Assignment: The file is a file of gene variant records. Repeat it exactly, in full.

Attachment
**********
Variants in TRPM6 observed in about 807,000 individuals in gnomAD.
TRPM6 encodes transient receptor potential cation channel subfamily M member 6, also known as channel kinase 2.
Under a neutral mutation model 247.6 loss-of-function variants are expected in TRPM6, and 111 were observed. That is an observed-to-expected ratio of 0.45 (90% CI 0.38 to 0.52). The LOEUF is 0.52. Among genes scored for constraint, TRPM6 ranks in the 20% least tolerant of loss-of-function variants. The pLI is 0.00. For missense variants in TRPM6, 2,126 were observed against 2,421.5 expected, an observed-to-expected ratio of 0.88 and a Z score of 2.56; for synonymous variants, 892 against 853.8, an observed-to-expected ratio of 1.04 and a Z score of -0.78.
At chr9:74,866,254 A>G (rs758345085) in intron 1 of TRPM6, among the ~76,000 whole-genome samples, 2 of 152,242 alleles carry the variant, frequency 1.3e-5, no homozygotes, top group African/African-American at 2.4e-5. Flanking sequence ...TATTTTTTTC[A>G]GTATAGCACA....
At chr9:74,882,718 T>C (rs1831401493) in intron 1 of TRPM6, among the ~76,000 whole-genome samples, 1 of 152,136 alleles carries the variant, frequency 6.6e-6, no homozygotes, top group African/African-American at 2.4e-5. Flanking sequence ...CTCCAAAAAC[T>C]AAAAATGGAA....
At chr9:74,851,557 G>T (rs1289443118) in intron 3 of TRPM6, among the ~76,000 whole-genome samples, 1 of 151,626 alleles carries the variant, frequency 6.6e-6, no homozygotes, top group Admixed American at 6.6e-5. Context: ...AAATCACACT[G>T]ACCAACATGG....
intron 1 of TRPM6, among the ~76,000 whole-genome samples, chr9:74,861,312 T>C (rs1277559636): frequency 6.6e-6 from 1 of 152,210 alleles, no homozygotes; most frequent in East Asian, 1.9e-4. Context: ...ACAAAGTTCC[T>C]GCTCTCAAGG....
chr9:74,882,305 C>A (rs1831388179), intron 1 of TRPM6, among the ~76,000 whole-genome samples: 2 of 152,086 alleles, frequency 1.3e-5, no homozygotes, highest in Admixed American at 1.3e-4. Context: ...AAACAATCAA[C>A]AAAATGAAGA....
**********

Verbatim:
Variants in TRPM6 observed in about 807,000 individuals in gnomAD.
TRPM6 encodes transient receptor potential cation channel subfamily M member 6, also known as channel kinase 2.
Under a neutral mutation model 247.6 loss-of-function variants are expected in TRPM6, and 111 were observed. That is an observed-to-expected ratio of 0.45 (90% CI 0.38 to 0.52). The LOEUF is 0.52. Among genes scored for constraint, TRPM6 ranks in the 20% least tolerant of loss-of-function variants. The pLI is 0.00. For missense variants in TRPM6, 2,126 were observed against 2,421.5 expected, an observed-to-expected ratio of 0.88 and a Z score of 2.56; for synonymous variants, 892 against 853.8, an observed-to-expected ratio of 1.04 and a Z score of -0.78.
At chr9:74,866,254 A>G (rs758345085) in intron 1 of TRPM6, among the ~76,000 whole-genome samples, 2 of 152,242 alleles carry the variant, frequency 1.3e-5, no homozygotes, top group African/African-American at 2.4e-5. Flanking sequence ...TATTTTTTTC[A>G]GTATAGCACA....
At chr9:74,882,718 T>C (rs1831401493) in intron 1 of TRPM6, among the ~76,000 whole-genome samples, 1 of 152,136 alleles carries the variant, frequency 6.6e-6, no homozygotes, top group African/African-American at 2.4e-5. Flanking sequence ...CTCCAAAAAC[T>C]AAAAATGGAA....
At chr9:74,851,557 G>T (rs1289443118) in intron 3 of TRPM6, among the ~76,000 whole-genome samples, 1 of 151,626 alleles carries the variant, frequency 6.6e-6, no homozygotes, top group Admixed American at 6.6e-5. Context: ...AAATCACACT[G>T]ACCAACATGG....
intron 1 of TRPM6, among the ~76,000 whole-genome samples, chr9:74,861,312 T>C (rs1277559636): frequency 6.6e-6 from 1 of 152,210 alleles, no homozygotes; most frequent in East Asian, 1.9e-4. Context: ...ACAAAGTTCC[T>C]GCTCTCAAGG....
chr9:74,882,305 C>A (rs1831388179), intron 1 of TRPM6, among the ~76,000 whole-genome samples: 2 of 152,086 alleles, frequency 1.3e-5, no homozygotes, highest in Admixed American at 1.3e-4. Context: ...AAACAATCAA[C>A]AAAATGAAGA....